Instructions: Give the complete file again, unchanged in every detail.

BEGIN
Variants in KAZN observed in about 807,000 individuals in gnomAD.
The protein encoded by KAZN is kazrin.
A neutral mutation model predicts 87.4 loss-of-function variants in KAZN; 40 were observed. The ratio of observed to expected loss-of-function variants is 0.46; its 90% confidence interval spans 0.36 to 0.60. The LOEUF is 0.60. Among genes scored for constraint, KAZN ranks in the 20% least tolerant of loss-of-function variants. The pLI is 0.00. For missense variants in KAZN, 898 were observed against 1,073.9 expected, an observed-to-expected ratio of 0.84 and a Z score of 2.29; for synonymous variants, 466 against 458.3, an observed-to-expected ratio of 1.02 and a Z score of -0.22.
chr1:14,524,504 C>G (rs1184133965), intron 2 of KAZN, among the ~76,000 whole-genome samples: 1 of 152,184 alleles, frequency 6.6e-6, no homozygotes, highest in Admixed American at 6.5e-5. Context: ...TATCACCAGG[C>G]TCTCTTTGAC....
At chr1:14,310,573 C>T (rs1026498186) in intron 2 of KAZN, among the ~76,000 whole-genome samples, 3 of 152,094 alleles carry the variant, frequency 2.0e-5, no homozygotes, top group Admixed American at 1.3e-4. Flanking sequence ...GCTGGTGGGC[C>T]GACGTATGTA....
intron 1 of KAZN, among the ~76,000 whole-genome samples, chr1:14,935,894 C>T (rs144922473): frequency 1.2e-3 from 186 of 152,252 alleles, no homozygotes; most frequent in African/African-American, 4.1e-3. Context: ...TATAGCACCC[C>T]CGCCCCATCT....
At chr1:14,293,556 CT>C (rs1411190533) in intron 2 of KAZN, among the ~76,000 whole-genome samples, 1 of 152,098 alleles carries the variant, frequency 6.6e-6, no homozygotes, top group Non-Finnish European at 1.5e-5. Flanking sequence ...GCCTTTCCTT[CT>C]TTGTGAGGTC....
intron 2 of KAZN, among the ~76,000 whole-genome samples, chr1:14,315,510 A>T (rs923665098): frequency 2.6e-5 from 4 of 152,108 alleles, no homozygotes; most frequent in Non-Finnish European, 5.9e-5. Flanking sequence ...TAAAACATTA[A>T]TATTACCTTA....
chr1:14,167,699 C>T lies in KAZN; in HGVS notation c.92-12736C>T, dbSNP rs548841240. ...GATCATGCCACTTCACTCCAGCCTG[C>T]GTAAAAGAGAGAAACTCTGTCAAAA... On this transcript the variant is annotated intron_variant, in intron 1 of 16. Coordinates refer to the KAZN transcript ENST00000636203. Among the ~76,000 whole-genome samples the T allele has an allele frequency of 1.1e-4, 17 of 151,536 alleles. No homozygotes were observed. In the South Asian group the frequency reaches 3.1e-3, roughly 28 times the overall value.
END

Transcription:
Variants in KAZN observed in about 807,000 individuals in gnomAD.
The protein encoded by KAZN is kazrin.
A neutral mutation model predicts 87.4 loss-of-function variants in KAZN; 40 were observed. The ratio of observed to expected loss-of-function variants is 0.46; its 90% confidence interval spans 0.36 to 0.60. The LOEUF is 0.60. Among genes scored for constraint, KAZN ranks in the 20% least tolerant of loss-of-function variants. The pLI is 0.00. For missense variants in KAZN, 898 were observed against 1,073.9 expected, an observed-to-expected ratio of 0.84 and a Z score of 2.29; for synonymous variants, 466 against 458.3, an observed-to-expected ratio of 1.02 and a Z score of -0.22.
chr1:14,524,504 C>G (rs1184133965), intron 2 of KAZN, among the ~76,000 whole-genome samples: 1 of 152,184 alleles, frequency 6.6e-6, no homozygotes, highest in Admixed American at 6.5e-5. Context: ...TATCACCAGG[C>G]TCTCTTTGAC....
At chr1:14,310,573 C>T (rs1026498186) in intron 2 of KAZN, among the ~76,000 whole-genome samples, 3 of 152,094 alleles carry the variant, frequency 2.0e-5, no homozygotes, top group Admixed American at 1.3e-4. Flanking sequence ...GCTGGTGGGC[C>T]GACGTATGTA....
intron 1 of KAZN, among the ~76,000 whole-genome samples, chr1:14,935,894 C>T (rs144922473): frequency 1.2e-3 from 186 of 152,252 alleles, no homozygotes; most frequent in African/African-American, 4.1e-3. Context: ...TATAGCACCC[C>T]CGCCCCATCT....
At chr1:14,293,556 CT>C (rs1411190533) in intron 2 of KAZN, among the ~76,000 whole-genome samples, 1 of 152,098 alleles carries the variant, frequency 6.6e-6, no homozygotes, top group Non-Finnish European at 1.5e-5. Flanking sequence ...GCCTTTCCTT[CT>C]TTGTGAGGTC....
intron 2 of KAZN, among the ~76,000 whole-genome samples, chr1:14,315,510 A>T (rs923665098): frequency 2.6e-5 from 4 of 152,108 alleles, no homozygotes; most frequent in Non-Finnish European, 5.9e-5. Flanking sequence ...TAAAACATTA[A>T]TATTACCTTA....
chr1:14,167,699 C>T lies in KAZN; in HGVS notation c.92-12736C>T, dbSNP rs548841240. ...GATCATGCCACTTCACTCCAGCCTG[C>T]GTAAAAGAGAGAAACTCTGTCAAAA... On this transcript the variant is annotated intron_variant, in intron 1 of 16. Coordinates refer to the KAZN transcript ENST00000636203. Among the ~76,000 whole-genome samples the T allele has an allele frequency of 1.1e-4, 17 of 151,536 alleles. No homozygotes were observed. In the South Asian group the frequency reaches 3.1e-3, roughly 28 times the overall value.